However, I only have a text version without illustrations, which is online published like that and which is why I cannot assess this species systematically/taxonomically on a deeper level. The authors refer to a similarity of their species with Histiostoma palustre including a similar diphenism of the males. I, as I already mentioned above, remember confirming this resemblance at an acarological conference in Cairo in 2003, where the co-author showed me photos of the later H. egypti.
Association with laboratory cultures of entomopathogenic nematodes
According to the authors, the species entered the laboratory with entomopathogenic nematode substrate and is doing well in the nematode cultures. The mite species is called semiaquatic, which quickly dies off at lower humidity. According to the authors, the thriving of the mites is to the detriment of the nematodes, which can die as a result. In this context, the authors mention having observed that the heteromorphic male form appears more frequently when live nematodes are present, while the homomorphic form and also the phoretic deutonymphs predominate when previously present nematodes have died.
My general experiences with histiostomatid mites and free living (phoretic) nematodes
A connection between the development of different mite morphs and the presence or absence of living nematodes never became particularly obvious to me in my studies at the time on species with different male types. Therefore, I have never specifically investigated such a connection and can therefore judge the correctness of such a connection as neither improbable nor very probable.
I can confirm, however, that basically all Histiostomatidae species that I examined always appeared together with nematodes, which were usually free-living, microorganism-eating representatives of the Rhabditidae or Diplogastrinae, which are also phoretic and possibly even were spread by the same hosts as the mites.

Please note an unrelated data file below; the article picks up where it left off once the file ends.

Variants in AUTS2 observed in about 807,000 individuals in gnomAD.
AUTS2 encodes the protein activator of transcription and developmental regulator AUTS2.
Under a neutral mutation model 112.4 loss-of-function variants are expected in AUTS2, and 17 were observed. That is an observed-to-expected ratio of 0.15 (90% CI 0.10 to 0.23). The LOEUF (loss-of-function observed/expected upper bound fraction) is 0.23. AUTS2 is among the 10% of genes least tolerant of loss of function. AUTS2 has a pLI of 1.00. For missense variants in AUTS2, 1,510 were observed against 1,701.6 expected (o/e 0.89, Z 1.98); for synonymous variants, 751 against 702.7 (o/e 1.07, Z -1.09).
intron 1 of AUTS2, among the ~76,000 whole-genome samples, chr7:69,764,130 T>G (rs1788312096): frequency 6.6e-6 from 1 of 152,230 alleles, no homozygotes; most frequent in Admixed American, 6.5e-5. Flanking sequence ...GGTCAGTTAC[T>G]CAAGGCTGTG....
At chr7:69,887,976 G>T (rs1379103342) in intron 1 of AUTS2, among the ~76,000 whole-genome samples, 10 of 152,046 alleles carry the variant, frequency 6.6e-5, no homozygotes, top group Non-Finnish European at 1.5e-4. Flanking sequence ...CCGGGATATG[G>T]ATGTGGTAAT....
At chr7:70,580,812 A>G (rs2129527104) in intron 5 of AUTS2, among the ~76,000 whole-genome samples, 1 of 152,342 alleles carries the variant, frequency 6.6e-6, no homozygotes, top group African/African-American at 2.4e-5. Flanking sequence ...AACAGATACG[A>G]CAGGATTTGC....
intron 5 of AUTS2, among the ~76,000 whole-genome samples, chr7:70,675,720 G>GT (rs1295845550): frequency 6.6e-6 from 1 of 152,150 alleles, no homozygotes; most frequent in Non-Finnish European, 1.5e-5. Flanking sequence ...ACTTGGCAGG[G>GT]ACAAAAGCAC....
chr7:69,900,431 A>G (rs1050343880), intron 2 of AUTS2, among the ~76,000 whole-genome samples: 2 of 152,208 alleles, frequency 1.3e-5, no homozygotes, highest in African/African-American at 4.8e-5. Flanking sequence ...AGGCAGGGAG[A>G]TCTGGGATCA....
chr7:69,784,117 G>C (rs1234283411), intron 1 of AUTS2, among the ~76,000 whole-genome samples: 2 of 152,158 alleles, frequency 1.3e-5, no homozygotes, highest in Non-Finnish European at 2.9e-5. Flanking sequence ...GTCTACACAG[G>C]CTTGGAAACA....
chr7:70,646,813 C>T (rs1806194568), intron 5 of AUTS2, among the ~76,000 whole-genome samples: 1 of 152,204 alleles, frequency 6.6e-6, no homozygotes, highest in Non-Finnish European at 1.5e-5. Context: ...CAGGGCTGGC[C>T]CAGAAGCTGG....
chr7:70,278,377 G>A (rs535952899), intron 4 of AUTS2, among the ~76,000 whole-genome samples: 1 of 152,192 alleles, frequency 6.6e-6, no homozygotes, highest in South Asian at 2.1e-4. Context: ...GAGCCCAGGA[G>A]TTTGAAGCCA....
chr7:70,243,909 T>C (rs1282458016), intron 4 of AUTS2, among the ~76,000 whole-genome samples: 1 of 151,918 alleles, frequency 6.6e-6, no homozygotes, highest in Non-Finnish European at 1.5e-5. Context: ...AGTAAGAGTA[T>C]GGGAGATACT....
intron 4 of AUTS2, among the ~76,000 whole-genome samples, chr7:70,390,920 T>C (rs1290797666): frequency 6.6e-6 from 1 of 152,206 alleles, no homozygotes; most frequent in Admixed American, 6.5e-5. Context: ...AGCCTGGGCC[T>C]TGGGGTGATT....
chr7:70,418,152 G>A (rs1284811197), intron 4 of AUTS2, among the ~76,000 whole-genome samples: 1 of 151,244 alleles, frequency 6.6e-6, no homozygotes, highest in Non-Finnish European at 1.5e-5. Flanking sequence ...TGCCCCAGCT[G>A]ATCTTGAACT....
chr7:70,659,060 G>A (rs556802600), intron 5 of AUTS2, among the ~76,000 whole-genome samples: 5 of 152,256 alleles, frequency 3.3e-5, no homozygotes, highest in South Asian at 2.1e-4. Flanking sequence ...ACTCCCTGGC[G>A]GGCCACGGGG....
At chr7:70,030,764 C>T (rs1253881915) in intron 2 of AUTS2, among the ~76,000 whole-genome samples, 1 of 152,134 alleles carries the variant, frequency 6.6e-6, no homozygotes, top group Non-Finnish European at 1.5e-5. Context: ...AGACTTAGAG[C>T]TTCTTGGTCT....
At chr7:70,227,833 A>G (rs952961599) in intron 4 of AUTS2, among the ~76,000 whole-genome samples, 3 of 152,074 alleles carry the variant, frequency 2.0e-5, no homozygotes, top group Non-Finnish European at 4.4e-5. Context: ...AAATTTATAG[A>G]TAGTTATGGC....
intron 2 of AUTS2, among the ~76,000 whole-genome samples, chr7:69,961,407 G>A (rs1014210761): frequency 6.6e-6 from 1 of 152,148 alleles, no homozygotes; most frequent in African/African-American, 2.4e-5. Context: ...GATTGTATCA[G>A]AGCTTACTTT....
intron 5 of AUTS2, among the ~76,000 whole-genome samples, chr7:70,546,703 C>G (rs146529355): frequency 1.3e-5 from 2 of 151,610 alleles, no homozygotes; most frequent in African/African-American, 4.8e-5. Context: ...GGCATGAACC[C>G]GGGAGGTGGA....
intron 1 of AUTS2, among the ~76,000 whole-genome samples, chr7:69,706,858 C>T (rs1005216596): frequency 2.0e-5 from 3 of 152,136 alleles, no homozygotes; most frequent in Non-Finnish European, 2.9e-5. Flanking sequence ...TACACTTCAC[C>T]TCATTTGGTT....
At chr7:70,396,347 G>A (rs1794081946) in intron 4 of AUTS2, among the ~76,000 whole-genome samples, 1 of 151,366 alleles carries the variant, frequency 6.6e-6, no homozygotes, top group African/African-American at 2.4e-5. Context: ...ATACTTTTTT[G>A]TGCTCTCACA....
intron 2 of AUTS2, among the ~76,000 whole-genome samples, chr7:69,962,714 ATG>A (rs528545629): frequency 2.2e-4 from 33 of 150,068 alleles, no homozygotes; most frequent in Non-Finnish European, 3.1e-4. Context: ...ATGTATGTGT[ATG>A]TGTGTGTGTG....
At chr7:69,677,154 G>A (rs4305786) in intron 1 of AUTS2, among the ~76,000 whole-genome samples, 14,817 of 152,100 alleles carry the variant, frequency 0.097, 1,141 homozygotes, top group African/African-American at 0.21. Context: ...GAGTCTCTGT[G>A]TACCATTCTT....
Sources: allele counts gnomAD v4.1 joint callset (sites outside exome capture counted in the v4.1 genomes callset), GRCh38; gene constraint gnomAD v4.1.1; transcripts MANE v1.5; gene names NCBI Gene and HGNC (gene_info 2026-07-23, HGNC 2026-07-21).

In this context, I am aware of the phenomenon that nematodes and mites can either compete with each other for food or reduce each other, for example chemically. In any case, it can often be observed that after some time in a culture vessel in which both animal groups were initially numerous, only the mites or the nematodes thrived in large numbers.
General information about the feeding behavior in Histiostomatidae
According to my recent research, based on frame-by-frame videographic analysis and SEM studies, Histiostomatidae species use their filter-feeding mouthparts to feed on decomposing fungal material that is also bacteria-rich. It is highly probable that the fungi are brought by the mites themselves into their habitat, which seems to happen hyperphoretically via fungal spores. The mites probably also control the growth and partial death of the fungus themselves in the form of their fungicidal gland secretions. Specific studies about the feeding behavior of H. palustre do not exist on a more advanced level. Slides and numerous SEM shots might indicate the transport of spores, but I so far had no time to examine those specimen closer. Such results thus need to be presented at another occasion.
Information about nomenclature used in the 2003 publication and about the citation of this species description
Nomenclature for dorsal/ventral setation of juveniles and adults used in this old species description of mite H. palustre was my own invention and is no longer used by me for practical/systematic reasons of comparison.
The nomenclature I introduced at the time of that species description for the pattern of individual fields that cover the thickening of the cuticle (proterosoma shield) on the anterior dorsal side of the proterosoma is still retained by me to this day. I still consider this characteristic in adults to be systematically relevant.
The original species description is cited as a 2001 publication on the Acarologia abstract page and is cited as 2002 publication in the PDF of the article provided by Acarologia as open access publication. In fact it was accepted for publication in 2001 and finally published in 2003. Thus I sometimes cited it as 2003 publication, but 2002 would be a correcter citation too. At least the full species name must be Histiostoma palustre Wirth, 2002.
Link to the original species description:
© Stefan F. Wirth 2023, Berlin